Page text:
A recent survey asked the following hypothetical question. If a driverless car is headed on a collision course with a group of pedestrians, and it is impossible for the car to stop. Should the car be programed to plough into the pedestrians, killing many of them, or swerve off the road to avoid collision and possible kill the passengers in the car?
People answering the survey no doubt thought this way: “I am not a sociopath therefore I don’t want my car to kill people, but on the other hand I don’t want it to kill me and my family, so I won’t buy one.”
But shouldn’t this question have been asked long before now when buying an SUV that is as big as a small house, and built like an armored truck. People buy these vehicles to protect themselves and their families. Protect themselves from the other driver, that is.
The fact that these larger, heavier vehicles are then a greater hazard to every other road user, pedestrians and cyclist especially, and even smaller compact cars. The question doesn’t even arise because each individual SUV buyer sees himself as a good and safe driver, it is always the other driver that is the problem.
Isn’t the whole purpose behind the driverless car to eliminate driver error? The cause of the majority of collisions ever since the automobile was invented. You notice I said “Collision” and not “Accident.” This is deliberate.
When human error is a factor it is easy to say “Whoops-a-Daisy” it was just an accident. As I previously pointed out most people are not sociopaths they don’t intend to kill people. But drive in a reckless and dangerous fashion and someone’s death is a likely outcome.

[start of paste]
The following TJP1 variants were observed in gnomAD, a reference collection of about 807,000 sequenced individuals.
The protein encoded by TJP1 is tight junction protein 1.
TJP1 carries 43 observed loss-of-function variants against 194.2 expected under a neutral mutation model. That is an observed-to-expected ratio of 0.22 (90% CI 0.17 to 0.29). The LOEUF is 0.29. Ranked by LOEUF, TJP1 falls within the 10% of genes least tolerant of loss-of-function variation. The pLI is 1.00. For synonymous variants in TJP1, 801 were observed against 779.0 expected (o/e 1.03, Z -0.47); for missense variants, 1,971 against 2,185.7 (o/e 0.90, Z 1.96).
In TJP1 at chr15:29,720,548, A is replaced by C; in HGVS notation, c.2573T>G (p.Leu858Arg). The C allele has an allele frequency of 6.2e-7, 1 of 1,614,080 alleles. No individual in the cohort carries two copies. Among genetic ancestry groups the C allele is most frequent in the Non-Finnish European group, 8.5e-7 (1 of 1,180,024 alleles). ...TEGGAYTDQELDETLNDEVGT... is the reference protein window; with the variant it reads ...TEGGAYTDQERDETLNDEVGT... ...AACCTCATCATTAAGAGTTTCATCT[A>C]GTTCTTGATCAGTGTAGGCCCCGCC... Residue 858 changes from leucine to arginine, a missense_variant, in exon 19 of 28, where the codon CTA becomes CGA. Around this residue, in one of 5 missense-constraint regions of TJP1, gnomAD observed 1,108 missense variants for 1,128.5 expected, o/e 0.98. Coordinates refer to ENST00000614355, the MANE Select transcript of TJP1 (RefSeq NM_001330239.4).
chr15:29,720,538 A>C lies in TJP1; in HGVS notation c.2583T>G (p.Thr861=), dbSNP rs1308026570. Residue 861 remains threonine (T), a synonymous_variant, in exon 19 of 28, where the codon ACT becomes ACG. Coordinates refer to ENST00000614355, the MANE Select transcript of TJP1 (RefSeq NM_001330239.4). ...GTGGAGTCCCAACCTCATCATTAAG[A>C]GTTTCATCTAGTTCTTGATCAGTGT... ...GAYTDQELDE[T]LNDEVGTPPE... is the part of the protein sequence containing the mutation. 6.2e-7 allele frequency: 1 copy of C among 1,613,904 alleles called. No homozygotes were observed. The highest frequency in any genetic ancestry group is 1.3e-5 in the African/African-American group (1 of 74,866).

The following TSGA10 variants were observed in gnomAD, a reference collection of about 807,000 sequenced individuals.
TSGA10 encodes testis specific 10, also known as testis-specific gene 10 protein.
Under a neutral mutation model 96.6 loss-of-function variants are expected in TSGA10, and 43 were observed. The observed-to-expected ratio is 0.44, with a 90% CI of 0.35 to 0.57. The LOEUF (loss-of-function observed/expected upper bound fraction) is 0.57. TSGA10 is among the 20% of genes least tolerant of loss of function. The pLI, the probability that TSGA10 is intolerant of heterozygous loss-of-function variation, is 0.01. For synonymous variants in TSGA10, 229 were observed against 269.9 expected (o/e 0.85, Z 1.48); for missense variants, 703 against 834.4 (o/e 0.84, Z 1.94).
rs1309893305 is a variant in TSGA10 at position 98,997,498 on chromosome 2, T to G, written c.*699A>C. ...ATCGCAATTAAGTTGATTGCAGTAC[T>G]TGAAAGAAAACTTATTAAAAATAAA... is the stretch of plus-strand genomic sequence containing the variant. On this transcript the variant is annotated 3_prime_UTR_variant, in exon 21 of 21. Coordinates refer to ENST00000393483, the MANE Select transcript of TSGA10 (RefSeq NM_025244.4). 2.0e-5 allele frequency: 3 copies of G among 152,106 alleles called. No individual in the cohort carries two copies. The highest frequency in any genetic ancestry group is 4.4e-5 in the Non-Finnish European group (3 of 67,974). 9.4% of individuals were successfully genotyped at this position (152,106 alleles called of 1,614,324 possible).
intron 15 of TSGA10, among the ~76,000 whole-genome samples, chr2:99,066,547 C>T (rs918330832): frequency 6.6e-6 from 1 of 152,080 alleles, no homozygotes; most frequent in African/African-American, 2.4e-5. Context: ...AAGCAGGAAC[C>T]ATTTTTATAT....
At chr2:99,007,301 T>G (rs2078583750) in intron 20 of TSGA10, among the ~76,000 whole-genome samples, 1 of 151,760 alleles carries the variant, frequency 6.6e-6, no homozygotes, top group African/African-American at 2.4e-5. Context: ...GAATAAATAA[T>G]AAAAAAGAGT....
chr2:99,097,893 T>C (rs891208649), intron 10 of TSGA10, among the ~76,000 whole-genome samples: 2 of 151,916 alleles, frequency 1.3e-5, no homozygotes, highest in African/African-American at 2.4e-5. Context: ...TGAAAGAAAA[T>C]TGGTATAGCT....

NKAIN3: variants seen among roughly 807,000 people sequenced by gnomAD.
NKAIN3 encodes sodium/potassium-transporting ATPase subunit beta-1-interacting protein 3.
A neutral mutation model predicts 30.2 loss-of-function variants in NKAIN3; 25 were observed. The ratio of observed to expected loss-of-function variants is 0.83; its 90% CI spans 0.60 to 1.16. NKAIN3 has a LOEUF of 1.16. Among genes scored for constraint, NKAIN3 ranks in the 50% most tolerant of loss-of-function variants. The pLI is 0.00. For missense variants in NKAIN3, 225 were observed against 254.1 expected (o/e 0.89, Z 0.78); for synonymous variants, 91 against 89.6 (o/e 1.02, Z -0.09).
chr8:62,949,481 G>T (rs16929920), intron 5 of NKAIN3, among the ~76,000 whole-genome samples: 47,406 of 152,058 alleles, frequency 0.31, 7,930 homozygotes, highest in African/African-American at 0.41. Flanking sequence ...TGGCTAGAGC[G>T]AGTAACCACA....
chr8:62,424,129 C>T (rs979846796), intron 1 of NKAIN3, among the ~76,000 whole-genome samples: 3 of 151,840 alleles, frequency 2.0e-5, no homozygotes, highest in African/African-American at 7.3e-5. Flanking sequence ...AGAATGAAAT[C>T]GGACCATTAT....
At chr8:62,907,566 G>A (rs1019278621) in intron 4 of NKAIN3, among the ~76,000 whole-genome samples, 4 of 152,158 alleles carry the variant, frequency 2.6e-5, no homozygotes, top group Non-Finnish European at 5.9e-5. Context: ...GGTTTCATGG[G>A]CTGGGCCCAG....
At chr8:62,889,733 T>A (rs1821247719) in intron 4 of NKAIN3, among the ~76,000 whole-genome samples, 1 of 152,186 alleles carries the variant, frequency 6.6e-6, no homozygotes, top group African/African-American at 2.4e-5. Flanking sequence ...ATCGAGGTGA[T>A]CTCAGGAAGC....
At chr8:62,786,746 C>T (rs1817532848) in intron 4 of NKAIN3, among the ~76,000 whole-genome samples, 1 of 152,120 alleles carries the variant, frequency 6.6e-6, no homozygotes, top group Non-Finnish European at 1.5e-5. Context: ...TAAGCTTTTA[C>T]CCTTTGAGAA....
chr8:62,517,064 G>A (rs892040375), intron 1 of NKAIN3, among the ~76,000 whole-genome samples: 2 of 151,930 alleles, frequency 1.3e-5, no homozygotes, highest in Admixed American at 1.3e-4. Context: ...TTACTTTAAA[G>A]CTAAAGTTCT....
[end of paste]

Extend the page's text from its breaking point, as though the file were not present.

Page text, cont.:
But what will happen when the robots take over and all cars are driverless? Without the human error factor you can no longer call it an accident when someone dies, either inside or outside the car. Who gets sued? Not the driver, because there isn’t one. The robotic system will have failed, so the car manufacturer will be responsible.
And can a corporation even program a computer controlled car to decide who lives or dies? I can see that one going all the way to the Supreme Court.
If cars become driverless, speeds will have to come down dramatically. A pedestrian hit at 30 mph. or less has a good chance of survival. Above that speed the odds become less, and above 50 mph. death is almost certain.
Robotics does not overcome physics. A vehicle traveling at 50 mph. still needs 125 feet to stop. That doesn’t include human driver reaction time, I am assuming a computer will react faster.
Another factor to consider. Cars may be robotic, but not pedestrians and cyclists. Will pedestrians learn that if you step out in front of an approaching driverless car, it will stop? Will cyclists realize that by riding in the middle of the lane, a car on auto pilot will not pass unless safe to do so? How will that go over on a morning commute? Following a cyclist at 10 or 15 mph.
I think fully driverless cars are a long way off. The delay will not be a technical issue, it will be one of, “Will it be accepted by the general populous, is this what people want, and will they buy it?”
A more sensible approach would be to concentrate on reliable and low cost public transport. (Possibly driverless to cut costs.) Another way robotics could come into play is to restrict speeds in heavily congested areas. The current system of everyone driving at least 5 mph. over the limit is ludicrous.
Maybe put a few slow moving driverless cars into the traffic system just to slow everyone down. You can honk and cuss at a robot as much as you like, it won’t do you any good. Speed is the culprit, if everyone was forced to drive at 20 or 25 mph. there is time to react and avoid collisions even when the other driver makes a mistake or does something stupid.